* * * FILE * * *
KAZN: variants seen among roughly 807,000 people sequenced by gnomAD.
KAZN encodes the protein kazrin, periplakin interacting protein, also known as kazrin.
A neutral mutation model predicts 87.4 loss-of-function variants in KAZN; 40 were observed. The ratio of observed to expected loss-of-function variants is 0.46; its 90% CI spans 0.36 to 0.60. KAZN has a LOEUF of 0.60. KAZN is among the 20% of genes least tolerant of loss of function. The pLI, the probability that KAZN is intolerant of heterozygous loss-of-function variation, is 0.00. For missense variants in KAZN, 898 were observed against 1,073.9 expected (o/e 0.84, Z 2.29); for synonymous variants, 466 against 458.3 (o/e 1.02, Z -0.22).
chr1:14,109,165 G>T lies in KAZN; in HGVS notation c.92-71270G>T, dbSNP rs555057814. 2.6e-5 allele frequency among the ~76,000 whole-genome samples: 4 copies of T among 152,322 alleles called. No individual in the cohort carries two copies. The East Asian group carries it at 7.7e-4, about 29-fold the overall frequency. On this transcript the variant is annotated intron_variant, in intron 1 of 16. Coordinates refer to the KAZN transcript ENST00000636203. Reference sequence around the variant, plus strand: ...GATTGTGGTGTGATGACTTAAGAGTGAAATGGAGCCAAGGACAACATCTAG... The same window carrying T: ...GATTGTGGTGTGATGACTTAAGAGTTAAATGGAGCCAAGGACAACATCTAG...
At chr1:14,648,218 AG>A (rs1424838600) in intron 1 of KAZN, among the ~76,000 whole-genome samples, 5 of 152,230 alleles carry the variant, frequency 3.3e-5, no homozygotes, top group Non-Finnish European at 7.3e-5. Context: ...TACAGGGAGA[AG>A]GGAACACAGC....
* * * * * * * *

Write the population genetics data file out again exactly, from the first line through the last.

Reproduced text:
KAZN: variants seen among roughly 807,000 people sequenced by gnomAD.
KAZN encodes the protein kazrin, periplakin interacting protein, also known as kazrin.
A neutral mutation model predicts 87.4 loss-of-function variants in KAZN; 40 were observed. The ratio of observed to expected loss-of-function variants is 0.46; its 90% CI spans 0.36 to 0.60. KAZN has a LOEUF of 0.60. KAZN is among the 20% of genes least tolerant of loss of function. The pLI, the probability that KAZN is intolerant of heterozygous loss-of-function variation, is 0.00. For missense variants in KAZN, 898 were observed against 1,073.9 expected (o/e 0.84, Z 2.29); for synonymous variants, 466 against 458.3 (o/e 1.02, Z -0.22).
chr1:14,109,165 G>T lies in KAZN; in HGVS notation c.92-71270G>T, dbSNP rs555057814. 2.6e-5 allele frequency among the ~76,000 whole-genome samples: 4 copies of T among 152,322 alleles called. No individual in the cohort carries two copies. The East Asian group carries it at 7.7e-4, about 29-fold the overall frequency. On this transcript the variant is annotated intron_variant, in intron 1 of 16. Coordinates refer to the KAZN transcript ENST00000636203. Reference sequence around the variant, plus strand: ...GATTGTGGTGTGATGACTTAAGAGTGAAATGGAGCCAAGGACAACATCTAG... The same window carrying T: ...GATTGTGGTGTGATGACTTAAGAGTTAAATGGAGCCAAGGACAACATCTAG...
At chr1:14,648,218 AG>A (rs1424838600) in intron 1 of KAZN, among the ~76,000 whole-genome samples, 5 of 152,230 alleles carry the variant, frequency 3.3e-5, no homozygotes, top group Non-Finnish European at 7.3e-5. Context: ...TACAGGGAGA[AG>A]GGAACACAGC....